Last week we covered a generic drug pricing deal that will affect most of Canada. This week we’re coming back to Ontario to take a closer look at the local impact of the laws on generics.
While generic drugs are typically sold at lower prices than the brand name option, for pharmacies, stocking them is more than a matter of choice. In the past, the cost born by the retailer was boosted by two factors: a 13% higher provincial subsidy, greater than the one for branded drugs, and the ability to get a rebate from the manufacturing company of the generic. The rebate, incidentally, represented about 800 million dollars in 2010, a health incentive to keep generics on the shelves. Legislation in 2011 shut down both options: pharmacies would get only the subsidy the branded versions were entitled to, and no longer get a manufacturer side compensation for pharmaceutical sales. For the past two years, pharmacies have been fighting the law in the courts. The Ontario Supreme Court upheld it in 2012, and this year, it’s reached the federal level.
For a manufacturer, generics are subjected to the same rigorous standards of pharmaceutical quality control as branded drugs, but they are also required by law to be available alongside the branded version. This represents a captive market of sorts, since many of the branded versions of the drugs are necessary or popular with Canadian consumers.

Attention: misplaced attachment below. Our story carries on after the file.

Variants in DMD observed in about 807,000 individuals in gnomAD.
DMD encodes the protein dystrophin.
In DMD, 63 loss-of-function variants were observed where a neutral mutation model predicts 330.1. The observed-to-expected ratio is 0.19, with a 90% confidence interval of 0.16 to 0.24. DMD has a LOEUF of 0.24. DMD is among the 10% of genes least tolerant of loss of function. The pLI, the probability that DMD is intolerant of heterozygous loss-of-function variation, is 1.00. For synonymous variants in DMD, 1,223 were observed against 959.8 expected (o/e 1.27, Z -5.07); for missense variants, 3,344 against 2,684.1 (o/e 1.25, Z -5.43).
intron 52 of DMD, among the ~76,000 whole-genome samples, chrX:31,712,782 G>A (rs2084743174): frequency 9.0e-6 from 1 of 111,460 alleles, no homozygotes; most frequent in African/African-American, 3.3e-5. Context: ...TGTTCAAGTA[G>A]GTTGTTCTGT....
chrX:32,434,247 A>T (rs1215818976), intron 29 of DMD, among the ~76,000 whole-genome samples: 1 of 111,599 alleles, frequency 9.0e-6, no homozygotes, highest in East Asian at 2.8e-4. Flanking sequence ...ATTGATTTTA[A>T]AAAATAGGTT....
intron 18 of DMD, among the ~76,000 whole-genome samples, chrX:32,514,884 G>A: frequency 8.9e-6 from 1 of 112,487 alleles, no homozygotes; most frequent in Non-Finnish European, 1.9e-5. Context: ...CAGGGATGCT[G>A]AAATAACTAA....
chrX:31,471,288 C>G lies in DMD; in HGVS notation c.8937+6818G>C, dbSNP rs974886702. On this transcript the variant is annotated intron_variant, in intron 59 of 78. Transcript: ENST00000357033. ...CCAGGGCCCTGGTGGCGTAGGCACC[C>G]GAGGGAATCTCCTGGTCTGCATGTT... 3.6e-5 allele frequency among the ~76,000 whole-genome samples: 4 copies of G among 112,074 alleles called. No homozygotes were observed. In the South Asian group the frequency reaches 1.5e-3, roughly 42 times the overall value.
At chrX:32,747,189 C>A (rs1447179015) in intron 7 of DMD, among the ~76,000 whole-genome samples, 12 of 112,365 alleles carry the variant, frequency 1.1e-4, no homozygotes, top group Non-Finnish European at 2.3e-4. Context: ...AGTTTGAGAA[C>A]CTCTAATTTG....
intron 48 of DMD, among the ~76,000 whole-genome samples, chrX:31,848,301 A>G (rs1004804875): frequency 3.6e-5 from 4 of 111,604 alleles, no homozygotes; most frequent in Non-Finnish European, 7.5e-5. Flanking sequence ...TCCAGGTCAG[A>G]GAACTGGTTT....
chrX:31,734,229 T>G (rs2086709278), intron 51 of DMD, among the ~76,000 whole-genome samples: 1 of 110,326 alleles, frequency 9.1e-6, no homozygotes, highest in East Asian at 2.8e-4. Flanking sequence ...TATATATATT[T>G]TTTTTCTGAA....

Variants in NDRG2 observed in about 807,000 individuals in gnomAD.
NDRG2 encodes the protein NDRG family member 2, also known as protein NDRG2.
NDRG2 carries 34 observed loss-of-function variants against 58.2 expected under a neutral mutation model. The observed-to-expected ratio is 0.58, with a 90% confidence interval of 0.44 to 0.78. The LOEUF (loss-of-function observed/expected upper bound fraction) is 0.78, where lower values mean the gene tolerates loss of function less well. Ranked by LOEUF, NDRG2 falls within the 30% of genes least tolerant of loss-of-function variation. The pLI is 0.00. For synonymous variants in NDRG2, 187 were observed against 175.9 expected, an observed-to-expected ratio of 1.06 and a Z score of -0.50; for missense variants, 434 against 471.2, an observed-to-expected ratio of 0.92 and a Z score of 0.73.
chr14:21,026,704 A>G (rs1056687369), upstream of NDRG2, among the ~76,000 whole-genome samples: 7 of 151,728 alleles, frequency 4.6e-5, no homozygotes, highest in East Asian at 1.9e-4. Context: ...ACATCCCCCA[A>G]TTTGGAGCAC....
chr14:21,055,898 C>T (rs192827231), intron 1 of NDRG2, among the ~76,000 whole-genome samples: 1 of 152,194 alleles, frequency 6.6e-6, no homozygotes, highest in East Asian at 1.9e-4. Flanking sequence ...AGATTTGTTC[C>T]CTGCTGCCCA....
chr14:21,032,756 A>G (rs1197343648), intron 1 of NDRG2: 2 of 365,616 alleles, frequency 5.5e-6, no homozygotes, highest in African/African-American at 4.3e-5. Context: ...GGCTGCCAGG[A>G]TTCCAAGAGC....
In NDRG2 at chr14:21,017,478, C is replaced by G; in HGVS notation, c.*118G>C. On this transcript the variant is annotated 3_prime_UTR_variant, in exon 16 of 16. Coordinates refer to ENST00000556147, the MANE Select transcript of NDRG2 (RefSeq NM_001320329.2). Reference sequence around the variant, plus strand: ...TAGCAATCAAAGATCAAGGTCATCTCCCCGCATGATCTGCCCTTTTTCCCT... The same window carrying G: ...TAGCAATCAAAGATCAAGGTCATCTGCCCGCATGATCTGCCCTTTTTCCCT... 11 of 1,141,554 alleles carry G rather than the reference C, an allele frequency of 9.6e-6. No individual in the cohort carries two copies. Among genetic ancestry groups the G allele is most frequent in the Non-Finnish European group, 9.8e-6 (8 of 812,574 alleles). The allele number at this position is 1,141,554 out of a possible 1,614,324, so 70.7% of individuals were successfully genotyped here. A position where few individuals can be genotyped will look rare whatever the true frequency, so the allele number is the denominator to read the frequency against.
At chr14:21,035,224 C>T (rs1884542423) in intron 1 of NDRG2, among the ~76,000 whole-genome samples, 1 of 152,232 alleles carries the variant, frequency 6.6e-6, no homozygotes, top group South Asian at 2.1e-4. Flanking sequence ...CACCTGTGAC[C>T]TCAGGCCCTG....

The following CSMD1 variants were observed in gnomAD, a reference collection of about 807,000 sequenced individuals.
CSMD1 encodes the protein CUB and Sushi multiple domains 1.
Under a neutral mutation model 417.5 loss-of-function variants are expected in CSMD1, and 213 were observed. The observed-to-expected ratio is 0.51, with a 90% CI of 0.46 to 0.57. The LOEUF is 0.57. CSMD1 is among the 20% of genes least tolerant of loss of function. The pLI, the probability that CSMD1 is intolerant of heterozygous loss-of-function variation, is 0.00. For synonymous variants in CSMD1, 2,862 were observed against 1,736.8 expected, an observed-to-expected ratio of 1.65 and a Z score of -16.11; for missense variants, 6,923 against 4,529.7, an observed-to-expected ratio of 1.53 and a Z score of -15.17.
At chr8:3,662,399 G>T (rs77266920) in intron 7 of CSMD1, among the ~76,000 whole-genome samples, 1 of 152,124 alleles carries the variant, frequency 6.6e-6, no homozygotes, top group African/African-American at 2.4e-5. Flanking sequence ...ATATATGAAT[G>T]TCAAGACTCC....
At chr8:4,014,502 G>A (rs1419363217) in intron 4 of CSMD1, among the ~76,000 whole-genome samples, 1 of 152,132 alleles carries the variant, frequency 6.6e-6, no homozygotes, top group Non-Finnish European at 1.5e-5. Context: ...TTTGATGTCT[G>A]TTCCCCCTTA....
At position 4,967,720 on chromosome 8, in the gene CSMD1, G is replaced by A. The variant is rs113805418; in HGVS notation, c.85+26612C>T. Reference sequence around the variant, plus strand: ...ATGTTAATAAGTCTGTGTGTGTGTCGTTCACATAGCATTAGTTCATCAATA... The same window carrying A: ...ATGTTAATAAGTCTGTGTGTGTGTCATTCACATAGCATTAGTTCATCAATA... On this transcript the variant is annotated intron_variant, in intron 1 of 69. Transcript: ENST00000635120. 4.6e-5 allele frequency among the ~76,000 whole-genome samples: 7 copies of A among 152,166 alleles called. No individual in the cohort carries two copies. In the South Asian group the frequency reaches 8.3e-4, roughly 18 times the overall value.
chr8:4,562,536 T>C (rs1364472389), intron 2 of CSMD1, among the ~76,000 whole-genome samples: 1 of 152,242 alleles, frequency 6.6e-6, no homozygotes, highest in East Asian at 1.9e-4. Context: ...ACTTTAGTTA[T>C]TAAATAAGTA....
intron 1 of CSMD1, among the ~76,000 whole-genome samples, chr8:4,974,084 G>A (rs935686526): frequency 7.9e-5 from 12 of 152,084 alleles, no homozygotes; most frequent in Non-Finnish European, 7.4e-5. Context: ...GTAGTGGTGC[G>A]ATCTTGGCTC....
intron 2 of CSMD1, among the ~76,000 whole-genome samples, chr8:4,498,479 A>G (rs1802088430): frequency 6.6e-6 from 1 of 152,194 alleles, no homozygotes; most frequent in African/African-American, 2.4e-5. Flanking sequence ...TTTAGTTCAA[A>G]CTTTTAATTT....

One of the chains strongly opposed to the measure, Shoppers Drug Mart, has reacted by moving onto selling a house brand version of generics. The courts ruled in their favour in 2012 when that was contested. These legal challenges have united normally rival pharmaceutical companies, who know that despite commercial competition, they are part of a shared industry. For the province, the goal is lower drug cost for Ontario residents, but not decreased spending overall, as this is not an austerity measure. The idea is to move money earmarked for subsidies over to clinical research.
The same situation, incidentally, is being replicated in BC. Similar efforts to lower the costs of generics are leading to similar legal battles, and it looks like, in Canada, pharmaceutical companies in both provinces, at all levels of manufacturing and sales, will have to adjust to the changes.
Do you usually buy generic or brand name drugs and would a change in price effect your decision?